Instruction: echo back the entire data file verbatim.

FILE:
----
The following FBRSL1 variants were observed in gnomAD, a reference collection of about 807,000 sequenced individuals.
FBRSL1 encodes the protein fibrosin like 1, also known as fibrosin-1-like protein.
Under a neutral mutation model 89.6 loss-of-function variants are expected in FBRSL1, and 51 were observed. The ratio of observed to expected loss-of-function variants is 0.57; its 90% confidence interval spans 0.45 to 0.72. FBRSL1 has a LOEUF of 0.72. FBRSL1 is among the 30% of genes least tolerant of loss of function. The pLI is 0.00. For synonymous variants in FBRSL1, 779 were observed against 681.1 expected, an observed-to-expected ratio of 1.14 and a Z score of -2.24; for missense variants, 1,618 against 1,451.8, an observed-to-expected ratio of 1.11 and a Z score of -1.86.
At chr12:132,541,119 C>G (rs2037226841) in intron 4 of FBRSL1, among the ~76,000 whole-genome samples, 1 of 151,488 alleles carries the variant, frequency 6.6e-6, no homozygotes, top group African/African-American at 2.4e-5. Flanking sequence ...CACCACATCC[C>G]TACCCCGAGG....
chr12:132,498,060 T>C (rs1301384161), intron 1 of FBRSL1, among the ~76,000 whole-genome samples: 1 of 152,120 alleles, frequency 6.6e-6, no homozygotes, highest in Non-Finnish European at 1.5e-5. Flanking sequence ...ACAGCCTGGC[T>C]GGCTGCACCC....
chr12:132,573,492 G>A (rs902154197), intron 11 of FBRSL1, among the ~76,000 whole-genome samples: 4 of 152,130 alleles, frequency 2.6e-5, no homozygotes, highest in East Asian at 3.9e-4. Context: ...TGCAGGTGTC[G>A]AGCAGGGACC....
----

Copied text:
The following FBRSL1 variants were observed in gnomAD, a reference collection of about 807,000 sequenced individuals.
FBRSL1 encodes the protein fibrosin like 1, also known as fibrosin-1-like protein.
Under a neutral mutation model 89.6 loss-of-function variants are expected in FBRSL1, and 51 were observed. The ratio of observed to expected loss-of-function variants is 0.57; its 90% confidence interval spans 0.45 to 0.72. FBRSL1 has a LOEUF of 0.72. FBRSL1 is among the 30% of genes least tolerant of loss of function. The pLI is 0.00. For synonymous variants in FBRSL1, 779 were observed against 681.1 expected, an observed-to-expected ratio of 1.14 and a Z score of -2.24; for missense variants, 1,618 against 1,451.8, an observed-to-expected ratio of 1.11 and a Z score of -1.86.
At chr12:132,541,119 C>G (rs2037226841) in intron 4 of FBRSL1, among the ~76,000 whole-genome samples, 1 of 151,488 alleles carries the variant, frequency 6.6e-6, no homozygotes, top group African/African-American at 2.4e-5. Flanking sequence ...CACCACATCC[C>G]TACCCCGAGG....
chr12:132,498,060 T>C (rs1301384161), intron 1 of FBRSL1, among the ~76,000 whole-genome samples: 1 of 152,120 alleles, frequency 6.6e-6, no homozygotes, highest in Non-Finnish European at 1.5e-5. Flanking sequence ...ACAGCCTGGC[T>C]GGCTGCACCC....
chr12:132,573,492 G>A (rs902154197), intron 11 of FBRSL1, among the ~76,000 whole-genome samples: 4 of 152,130 alleles, frequency 2.6e-5, no homozygotes, highest in East Asian at 3.9e-4. Context: ...TGCAGGTGTC[G>A]AGCAGGGACC....